In his massive 2012 book “Far From the Tree,” Andrew Solomon wanted to understand how parents handle children with who are vastly different from themselves. Solomon himself decided to cover this topic while trying to understand his mother’s frustrations at his own homosexuality. Despite trying to become “normal,” Solomon came away discovering that – as he states in this adaptation of his book – that “who I was wasn’t changeable.” Director Rachel Dretzin’s take on Far From the Tree takes this same approach, chronicling five various families – not counting Solomon himself – and how they’ve dealt with challenges in their descendants.
Dretzin mostly chooses to focus on cases where medical difficulties affect the families in question. Jason is a 41-year-old with Down Syndrome, whose mother showed that Jason could develop similarly to children his own age. As an adult and after losing his father, Jason has stagnated in ways that his mother and himself didn’t expect. Jason has a hard time distinguishing fiction from reality, and wants to take a trip to Norway, since he has fallen in love with Elsa from Frozen.
Jack is a child with an extreme version of autism, whose family struggled to speak with him, but have discovered that Jack is quite a smart child trapped in a body he can’t quite control.
Dretzin also goes to a Little People of America convention, following Loini – who was born with dwarfism and has never been around other people like her. But once Loini is at the convention, Dretzin switches her interest to Leah & Joe, who also met at one of these events, fell in love and now want to conceive their own child.
Finally, Dretzin shows a case that isn’t biological with Trevor, a teenager who killed an eight-year-old and is now serving a life sentence in jail. Even though this situation has caused immense trauma in Trevor’s family, they saw the incident did ultimately bring them closer together.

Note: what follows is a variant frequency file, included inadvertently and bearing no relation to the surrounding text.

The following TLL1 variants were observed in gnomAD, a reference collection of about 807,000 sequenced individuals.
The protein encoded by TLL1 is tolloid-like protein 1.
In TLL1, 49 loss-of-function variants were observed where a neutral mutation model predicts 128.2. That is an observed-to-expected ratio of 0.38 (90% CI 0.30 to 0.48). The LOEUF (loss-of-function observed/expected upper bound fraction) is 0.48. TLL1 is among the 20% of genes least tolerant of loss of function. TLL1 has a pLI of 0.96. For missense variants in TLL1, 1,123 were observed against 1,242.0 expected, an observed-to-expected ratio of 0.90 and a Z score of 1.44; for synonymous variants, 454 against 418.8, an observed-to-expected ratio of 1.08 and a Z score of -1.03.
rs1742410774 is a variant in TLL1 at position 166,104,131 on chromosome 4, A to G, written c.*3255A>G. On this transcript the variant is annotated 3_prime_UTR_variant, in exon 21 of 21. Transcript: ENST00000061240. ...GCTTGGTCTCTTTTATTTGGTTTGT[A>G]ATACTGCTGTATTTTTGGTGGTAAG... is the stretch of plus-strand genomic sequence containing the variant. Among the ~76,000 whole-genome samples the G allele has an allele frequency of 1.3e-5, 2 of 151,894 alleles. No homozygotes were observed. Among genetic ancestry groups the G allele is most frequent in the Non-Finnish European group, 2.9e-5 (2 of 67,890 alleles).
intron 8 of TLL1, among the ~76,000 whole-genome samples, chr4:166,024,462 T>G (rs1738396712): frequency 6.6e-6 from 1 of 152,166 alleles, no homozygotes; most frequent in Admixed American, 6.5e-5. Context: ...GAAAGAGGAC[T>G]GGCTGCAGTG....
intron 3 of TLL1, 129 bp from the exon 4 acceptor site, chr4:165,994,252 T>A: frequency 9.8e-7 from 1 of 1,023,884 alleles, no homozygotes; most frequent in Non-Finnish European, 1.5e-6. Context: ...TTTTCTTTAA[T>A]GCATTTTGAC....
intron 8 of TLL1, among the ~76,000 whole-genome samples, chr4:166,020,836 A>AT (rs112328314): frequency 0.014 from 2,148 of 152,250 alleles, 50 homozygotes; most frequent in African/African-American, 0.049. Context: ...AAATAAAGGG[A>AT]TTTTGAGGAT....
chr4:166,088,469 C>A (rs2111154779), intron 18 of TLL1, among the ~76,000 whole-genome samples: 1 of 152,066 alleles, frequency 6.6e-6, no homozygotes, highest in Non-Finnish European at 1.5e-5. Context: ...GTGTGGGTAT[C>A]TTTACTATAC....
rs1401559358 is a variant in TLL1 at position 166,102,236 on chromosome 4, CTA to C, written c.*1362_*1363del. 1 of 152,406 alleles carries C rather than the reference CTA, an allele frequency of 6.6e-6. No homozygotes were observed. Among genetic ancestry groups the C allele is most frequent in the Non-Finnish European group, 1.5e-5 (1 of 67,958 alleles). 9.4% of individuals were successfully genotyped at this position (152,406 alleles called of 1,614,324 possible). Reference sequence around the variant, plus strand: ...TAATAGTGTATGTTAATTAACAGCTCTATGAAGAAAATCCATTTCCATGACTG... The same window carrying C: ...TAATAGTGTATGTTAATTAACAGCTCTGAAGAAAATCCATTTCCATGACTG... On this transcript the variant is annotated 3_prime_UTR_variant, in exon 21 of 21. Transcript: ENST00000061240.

While Solomon’s book was almost a thousand pages, Dretzin’s film is around an hour and a half, and still attempts to cover the same range of people. Because of this, some of these stories can be spread a bit too thin. Dretzin gives plenty of time to Leah & Joe, who receive the most fully-rounded story, but someone like Loini is all but forgotten. It’s understandable that these stories don’t have complete arcs – these are real lives and not fictional stories after all – but many of these stories feel like a beginning and a middle with no real ending.
Far From the Tree shows the positive side of how love can help parents get through even the hardest situations with their children. Dretzin doesn’t hide the difficulties of these situations for the parents. Jason’s mother doesn’t know how to get his son to realize that Elsa isn’t real, while with Jack and Trevor’s parents, it’s almost as if their issues could easily tear these families apart. Yet Dretzin never allows these stories to get too dark, in terms of how they test the love in these families. As Trevor’s mother says – in what could easily be the tagline for the film – “You love your children; you don’t get to choose to love them.”
Dretzin’s thesis apparently seems to be that in most of these cases, these aren’t problems to be eradicated, they’re just differences from the norm that should be accepted. This is obvious, clearly true point to make, but it doesn’t make the uplifting stories that Dretzin tells any less remarkable and powerful. It’s just a shame that Dretzin doesn’t have as much room to capture these stories as Solomon did, as each of these people could’ve had their own feature-length documentaries chronicling their experiences. Far From the Tree shows that love doesn’t necessarily conquer all, but it absolutely helps.
While Dretzin’s film doesn’t have as much room to capture these stories as Solomon did, these stories of love and family each deserve their own feature-length documentaries.